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A systematic review on reporting and assessment of adverse effects associated with transcranial direct current stimulation

Andre Russowsky Brunoni , Joao Amadera , Bruna Berbel , Magdalena Sarah Volz , Brenno Gomes Rizzerio , Felipe Fregni
DOI: http://dx.doi.org/10.1017/S1461145710001690 1133-1145 First published online: 1 September 2011

Abstract

Transcranial direct current stimulation (tDCS) is a non-invasive method of brain stimulation that has been intensively investigated in clinical and cognitive neuroscience. Although the general impression is that tDCS is a safe technique with mild and transient adverse effects (AEs), human data on safety and tolerability are largely provided from single-session studies in healthy volunteers. In addition the frequency of AEs and its relationship with clinical variables is unknown. With the aim of assessing tDCS safety in different conditions and study designs, we performed a systematic review and meta-analysis of tDCS clinical trials. We assessed Medline and other databases and reference lists from retrieved articles, searching for articles from 1998 (first trial with contemporary tDCS parameters) to August 2010. Animal studies, review articles and studies assessing other neuromodulatory techniques were excluded. According to our eligibility criteria, 209 studies (from 172 articles) were identified. One hundred and seventeen studies (56%) mentioned AEs in the report. Of these studies, 74 (63%) reported at least one AE and only eight studies quantified AEs systematically. In the subsample reporting AEs, the most common were, for active vs. sham tDCS group, itching (39.3% vs. 32.9%, p>0.05), tingling (22.2% vs. 18.3%, p>0.05), headache (14.8% vs. 16.2%, p>0.05), burning sensation (8.7% vs. 10%, p>0.05) and discomfort (10.4% vs. 13.4%, p>0.05). Meta-analytical techniques could be applied in only eight studies for itching, but no definite results could be obtained due to between-study heterogeneity and low number of studies. Our results suggested that some AEs such as itching and tingling were more frequent in the tDCS active group, although this was not statistically significant. Although results suggest that tDCS is associated with mild AEs only, we identified a selective reporting bias for reporting, assessing and publishing AEs of tDCS that hinders further conclusions. Based on our findings, we propose a revised adverse effects questionnaire to be applied in tDCS studies in order to improve systematic reporting of tDCS-related AEs.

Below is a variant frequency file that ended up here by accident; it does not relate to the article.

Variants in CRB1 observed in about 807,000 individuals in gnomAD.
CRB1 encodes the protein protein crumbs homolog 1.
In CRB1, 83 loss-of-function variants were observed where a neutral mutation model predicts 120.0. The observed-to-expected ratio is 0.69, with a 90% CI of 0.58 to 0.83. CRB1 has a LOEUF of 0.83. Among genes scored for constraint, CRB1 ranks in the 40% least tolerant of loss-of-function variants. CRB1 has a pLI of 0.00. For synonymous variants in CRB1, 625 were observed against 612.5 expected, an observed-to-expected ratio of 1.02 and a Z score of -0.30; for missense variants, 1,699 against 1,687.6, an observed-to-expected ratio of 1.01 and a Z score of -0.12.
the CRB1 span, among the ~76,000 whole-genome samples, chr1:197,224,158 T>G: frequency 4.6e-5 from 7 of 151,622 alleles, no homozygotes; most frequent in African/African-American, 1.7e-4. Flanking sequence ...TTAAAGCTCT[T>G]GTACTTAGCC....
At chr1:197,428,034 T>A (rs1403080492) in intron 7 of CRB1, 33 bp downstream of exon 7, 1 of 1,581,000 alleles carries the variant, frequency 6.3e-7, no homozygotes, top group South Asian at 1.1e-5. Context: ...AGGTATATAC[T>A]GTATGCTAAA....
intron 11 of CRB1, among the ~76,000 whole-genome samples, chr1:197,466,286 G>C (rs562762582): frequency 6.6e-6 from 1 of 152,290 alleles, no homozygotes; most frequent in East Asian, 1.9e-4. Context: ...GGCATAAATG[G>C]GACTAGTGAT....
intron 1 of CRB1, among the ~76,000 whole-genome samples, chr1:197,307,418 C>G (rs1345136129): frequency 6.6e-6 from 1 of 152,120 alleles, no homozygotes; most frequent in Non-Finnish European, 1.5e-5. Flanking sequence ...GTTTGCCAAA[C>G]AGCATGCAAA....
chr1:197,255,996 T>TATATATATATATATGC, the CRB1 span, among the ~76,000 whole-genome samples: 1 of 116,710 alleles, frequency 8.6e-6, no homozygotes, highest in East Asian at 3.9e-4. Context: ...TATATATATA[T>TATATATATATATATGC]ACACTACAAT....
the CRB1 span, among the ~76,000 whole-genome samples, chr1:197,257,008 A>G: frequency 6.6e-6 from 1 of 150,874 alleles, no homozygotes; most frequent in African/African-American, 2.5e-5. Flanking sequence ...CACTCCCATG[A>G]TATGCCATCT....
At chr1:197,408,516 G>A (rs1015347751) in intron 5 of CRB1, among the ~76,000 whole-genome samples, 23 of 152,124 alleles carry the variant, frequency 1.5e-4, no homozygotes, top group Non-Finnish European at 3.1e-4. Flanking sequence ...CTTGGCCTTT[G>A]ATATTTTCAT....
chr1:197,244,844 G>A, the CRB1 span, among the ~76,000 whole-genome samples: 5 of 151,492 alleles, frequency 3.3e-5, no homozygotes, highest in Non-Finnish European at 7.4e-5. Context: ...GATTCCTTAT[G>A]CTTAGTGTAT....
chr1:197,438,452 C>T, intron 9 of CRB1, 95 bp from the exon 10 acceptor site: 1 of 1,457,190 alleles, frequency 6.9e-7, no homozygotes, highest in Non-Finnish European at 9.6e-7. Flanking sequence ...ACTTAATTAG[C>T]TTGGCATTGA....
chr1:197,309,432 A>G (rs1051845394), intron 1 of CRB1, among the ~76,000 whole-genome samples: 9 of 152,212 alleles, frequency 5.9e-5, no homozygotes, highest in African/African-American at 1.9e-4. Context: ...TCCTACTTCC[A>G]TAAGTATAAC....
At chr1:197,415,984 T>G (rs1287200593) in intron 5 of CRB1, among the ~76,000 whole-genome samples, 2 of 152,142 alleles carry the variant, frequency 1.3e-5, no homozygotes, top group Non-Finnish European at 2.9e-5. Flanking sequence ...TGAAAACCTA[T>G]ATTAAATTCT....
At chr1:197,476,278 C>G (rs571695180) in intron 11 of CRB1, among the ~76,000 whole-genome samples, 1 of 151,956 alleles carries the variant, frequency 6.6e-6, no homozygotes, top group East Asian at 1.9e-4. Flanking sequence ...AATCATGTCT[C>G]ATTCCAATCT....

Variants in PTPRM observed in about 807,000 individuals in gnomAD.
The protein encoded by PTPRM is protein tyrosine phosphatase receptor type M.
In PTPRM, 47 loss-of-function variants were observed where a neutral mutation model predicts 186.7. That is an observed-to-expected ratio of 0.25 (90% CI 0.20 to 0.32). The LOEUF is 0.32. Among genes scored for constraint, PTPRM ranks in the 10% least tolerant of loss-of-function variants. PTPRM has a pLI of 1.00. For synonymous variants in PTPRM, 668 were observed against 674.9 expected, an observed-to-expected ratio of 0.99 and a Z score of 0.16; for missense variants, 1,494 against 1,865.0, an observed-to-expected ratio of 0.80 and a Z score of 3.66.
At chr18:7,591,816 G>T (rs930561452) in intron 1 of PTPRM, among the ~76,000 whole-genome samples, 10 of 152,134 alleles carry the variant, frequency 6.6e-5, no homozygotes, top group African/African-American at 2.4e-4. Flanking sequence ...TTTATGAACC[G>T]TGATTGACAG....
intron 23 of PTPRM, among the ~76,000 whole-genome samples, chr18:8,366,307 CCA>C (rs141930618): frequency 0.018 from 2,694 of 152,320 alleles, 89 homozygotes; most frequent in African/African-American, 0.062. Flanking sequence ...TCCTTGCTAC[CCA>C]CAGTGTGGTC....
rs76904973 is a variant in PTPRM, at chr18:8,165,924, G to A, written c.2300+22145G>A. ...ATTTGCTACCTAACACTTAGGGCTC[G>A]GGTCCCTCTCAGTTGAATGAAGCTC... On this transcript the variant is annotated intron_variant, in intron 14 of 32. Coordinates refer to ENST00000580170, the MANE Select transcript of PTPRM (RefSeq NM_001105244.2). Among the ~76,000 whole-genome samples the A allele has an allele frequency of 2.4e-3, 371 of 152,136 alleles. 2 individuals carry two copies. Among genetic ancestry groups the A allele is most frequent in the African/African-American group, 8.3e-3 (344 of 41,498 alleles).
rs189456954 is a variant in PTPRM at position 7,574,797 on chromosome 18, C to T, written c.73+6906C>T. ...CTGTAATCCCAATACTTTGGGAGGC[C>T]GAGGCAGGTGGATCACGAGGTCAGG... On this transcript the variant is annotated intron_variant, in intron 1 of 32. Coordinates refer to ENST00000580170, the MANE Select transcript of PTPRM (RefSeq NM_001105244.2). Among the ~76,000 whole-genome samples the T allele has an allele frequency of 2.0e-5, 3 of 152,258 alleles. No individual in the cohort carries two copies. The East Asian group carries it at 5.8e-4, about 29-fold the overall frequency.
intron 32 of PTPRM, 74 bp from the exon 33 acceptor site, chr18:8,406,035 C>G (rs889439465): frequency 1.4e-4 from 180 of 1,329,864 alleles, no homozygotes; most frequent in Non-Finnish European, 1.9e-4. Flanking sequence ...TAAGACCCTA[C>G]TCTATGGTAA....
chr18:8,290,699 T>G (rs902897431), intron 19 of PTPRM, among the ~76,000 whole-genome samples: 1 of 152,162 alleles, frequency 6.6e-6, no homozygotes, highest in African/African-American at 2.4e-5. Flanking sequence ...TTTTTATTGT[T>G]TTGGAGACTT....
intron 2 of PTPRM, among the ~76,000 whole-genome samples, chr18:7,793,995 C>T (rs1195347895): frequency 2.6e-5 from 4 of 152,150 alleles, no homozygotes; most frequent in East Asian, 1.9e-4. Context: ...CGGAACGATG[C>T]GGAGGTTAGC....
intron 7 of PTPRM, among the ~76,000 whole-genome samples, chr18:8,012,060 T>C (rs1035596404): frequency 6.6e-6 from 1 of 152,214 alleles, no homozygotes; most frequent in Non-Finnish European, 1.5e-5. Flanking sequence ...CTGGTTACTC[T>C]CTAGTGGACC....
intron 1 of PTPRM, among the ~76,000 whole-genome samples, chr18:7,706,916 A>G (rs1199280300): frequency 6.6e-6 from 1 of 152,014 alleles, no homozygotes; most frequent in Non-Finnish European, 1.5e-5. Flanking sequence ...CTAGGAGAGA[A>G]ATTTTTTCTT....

Key words
  • Adverse effects
  • brain stimulation
  • meta-analysis
  • systematic review
  • transcranial direct current stimulation

Introduction

Transcranial direct current stimulation (tDCS) is a non-invasive neuromodulatory technique that uses weak, direct electric currents delivered through the scalp to the neuronal tissue to induce changes in cortical excitability according to the parameters of stimulation (Fregni +6; Pascual-Leone, 2007). Although the technique is not new, being used since ancient times (Zago et al. 2008); its systematic study only started 12 yr ago, when seminal studies proved its neurophysiological effects (Nitsche +6; Paulus, 2000; Priori et al. 1998). Since then, several studies exploring this technique have been published, ranging from computational, current distribution models to preclinical and clinical studies.

In fact, tDCS is an appealing intervention for neuropsychiatric disorders, combining interesting characteristics such as non-invasiveness, low-cost, ease of use and powerful effects on cortical excitability (Priori et al. 2009). Thus far, tDCS has been studied in many conditions, e.g. chronic pain (Fregni et al. 2007), major depressive disorder (Brunoni et al. 2009), stroke rehabilitation (Hummel et al. 2006), Parkinson's disease (Wu et al. 2008), and others, with mixed albeit generally positive results thereby fomenting further studies for exploring new conditions as well as for investigating its use in ‘real-world’ samples.